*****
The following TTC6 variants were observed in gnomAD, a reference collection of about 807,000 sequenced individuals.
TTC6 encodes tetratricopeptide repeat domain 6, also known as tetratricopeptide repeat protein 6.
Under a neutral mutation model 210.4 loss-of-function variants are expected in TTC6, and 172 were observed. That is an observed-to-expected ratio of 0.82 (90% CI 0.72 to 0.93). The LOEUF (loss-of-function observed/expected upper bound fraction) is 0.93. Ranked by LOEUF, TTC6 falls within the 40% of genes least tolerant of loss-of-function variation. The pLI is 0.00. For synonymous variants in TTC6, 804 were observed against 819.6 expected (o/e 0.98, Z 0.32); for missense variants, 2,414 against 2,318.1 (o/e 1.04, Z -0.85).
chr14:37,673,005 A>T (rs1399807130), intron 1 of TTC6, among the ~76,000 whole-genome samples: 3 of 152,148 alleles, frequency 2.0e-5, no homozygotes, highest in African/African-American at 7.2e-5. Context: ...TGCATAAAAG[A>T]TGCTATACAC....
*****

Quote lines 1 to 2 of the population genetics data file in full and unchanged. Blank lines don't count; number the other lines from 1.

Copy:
The following TTC6 variants were observed in gnomAD, a reference collection of about 807,000 sequenced individuals.
TTC6 encodes tetratricopeptide repeat domain 6, also known as tetratricopeptide repeat protein 6.